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Women and Caregiving: Are They Synonymous?

by Betty Soldz

Caregiving for a sick and aging spouse, companion, sibling or parent is still seen as a woman's responsibility.  There are over seven million caregivers in the US and 75% of them are women.  It's quite likely that sometime you'll be called upon for caregiving assistance. 

The role of women today has changed dramatically.  Many women have family and/or work obligations that conflict with caregiving responsibilities. We have become a very mobile society and many of us live far from those who need care.  Due to the increased life expectancy, many women who are called upon to care are in their late 60's, 70's or even older. 

Caregiving, especially of a spouse,  comes at a time in a woman's life when she should be thinking about who will care for her in her own later years when she may well be alone. Many women who visit this website are thinking ahead to their own retirement, have already retired and are looking forward to the opportunities the years ahead can offer.  Others are working, raising their children and at the same time trying to care for parents and other family members. 

What is a woman's responsibility?  What are her options? Every caregiving situation is affected by the caregiver's age, health, finances and  family network. It's also impacted by where the person needing care (care recipient) lives, and what they can do for themselves.  Always make an effort to involve the person you are caring for in the actual planning aspects of their care and allow them to do as much as they are able to do.

If you are 50 or 55 years of age you will be affected by this task differently than if you are older. The younger you are the easier it is to handle this physically and mentally exhausting task. However, if you are employed and raising children this could be daunting. If you are in poor health this, too, adds to your burden.  If you or your care recipient have adequate resources it's possible to purchase services, usually referred to as formal services. If one has a very low income, help may be obtained from government programs but, unfortunately, many of those who need or give care fit in the middle. In spite of available formal services many caregivers, especially spouses, do not seek formal help until they have been caregivers for four years or more.  This is because they fear becoming impoverished and worry about how they will be able to purchase services when they need them.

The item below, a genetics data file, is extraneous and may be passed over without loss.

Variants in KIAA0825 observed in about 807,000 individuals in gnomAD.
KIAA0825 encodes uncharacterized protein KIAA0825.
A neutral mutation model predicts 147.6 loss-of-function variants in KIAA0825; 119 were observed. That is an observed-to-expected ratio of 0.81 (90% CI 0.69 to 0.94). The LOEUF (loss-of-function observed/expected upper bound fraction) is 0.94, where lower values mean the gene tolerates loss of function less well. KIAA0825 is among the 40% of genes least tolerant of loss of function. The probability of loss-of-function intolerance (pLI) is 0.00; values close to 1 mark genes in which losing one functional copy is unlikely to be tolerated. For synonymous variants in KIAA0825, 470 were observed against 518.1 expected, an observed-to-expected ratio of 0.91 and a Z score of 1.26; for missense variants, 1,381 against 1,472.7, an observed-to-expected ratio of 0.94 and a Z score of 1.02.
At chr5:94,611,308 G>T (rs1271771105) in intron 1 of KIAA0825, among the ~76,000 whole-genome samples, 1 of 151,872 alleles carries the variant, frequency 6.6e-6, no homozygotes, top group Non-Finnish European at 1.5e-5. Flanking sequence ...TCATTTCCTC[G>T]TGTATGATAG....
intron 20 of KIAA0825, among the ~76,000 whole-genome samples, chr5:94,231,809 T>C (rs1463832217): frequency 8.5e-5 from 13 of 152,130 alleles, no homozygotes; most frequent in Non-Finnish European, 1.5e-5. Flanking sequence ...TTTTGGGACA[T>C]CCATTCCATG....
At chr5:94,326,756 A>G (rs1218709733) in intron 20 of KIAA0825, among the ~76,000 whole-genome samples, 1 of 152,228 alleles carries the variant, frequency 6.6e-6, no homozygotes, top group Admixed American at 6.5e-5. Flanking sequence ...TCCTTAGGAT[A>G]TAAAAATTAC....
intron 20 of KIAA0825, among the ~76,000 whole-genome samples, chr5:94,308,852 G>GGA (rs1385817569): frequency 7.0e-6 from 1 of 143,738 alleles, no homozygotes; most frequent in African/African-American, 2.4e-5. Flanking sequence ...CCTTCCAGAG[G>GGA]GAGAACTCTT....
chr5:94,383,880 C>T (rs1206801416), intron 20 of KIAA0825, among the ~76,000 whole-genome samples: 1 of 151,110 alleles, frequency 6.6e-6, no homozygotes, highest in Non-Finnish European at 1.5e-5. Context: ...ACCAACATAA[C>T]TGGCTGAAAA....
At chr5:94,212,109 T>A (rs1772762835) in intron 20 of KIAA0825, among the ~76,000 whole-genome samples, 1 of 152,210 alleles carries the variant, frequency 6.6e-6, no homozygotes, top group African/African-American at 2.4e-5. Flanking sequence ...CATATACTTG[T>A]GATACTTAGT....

If the one who will need care has a caregiving friendly home without stairs to climb and with safeties such as grab bars in the tub and toilet, etc.,  or they live in an assisted living or life-care facility, your task will be easier.  Lastly, if you have a large family network you may be able to get some assistance with caregiving.

What do you need to do to prepare yourself for this job?

  • Investigate availability of services and how to access them
  • Determine how to pay for services 
  • Investigate care managers
  • Develop a plan to prioritize needs
  • Investigate alternative housing
  • Learn how to ask for help
  • Learn what changes make a home "disabled friendly"
  • Organize care recipient's personal and emergency information
  •  Recognize your personal limitations

In other words, knowledge, preparation, having a plan and setting limits lead to effective caregiving. 

The first place to start in seeking the information you need is at your Area Agency on Aging.  Many will have a resource list of available services to assist caregivers. Once you know what services are available you need to consider how they can be financed. 

If the care recipient has Long Term Care Insurance (see Betty's previous article Long Term Care Insurance), it will assist in paying for services. The care recipient's or family's assets may be sufficient to provide needed services.  Those with low income and assets should look into public programs such as Medicaid and In-home Support Services (IHSS); more information about these services can be found through the Social Services or Human Services department in the phonebook under County Offices. 

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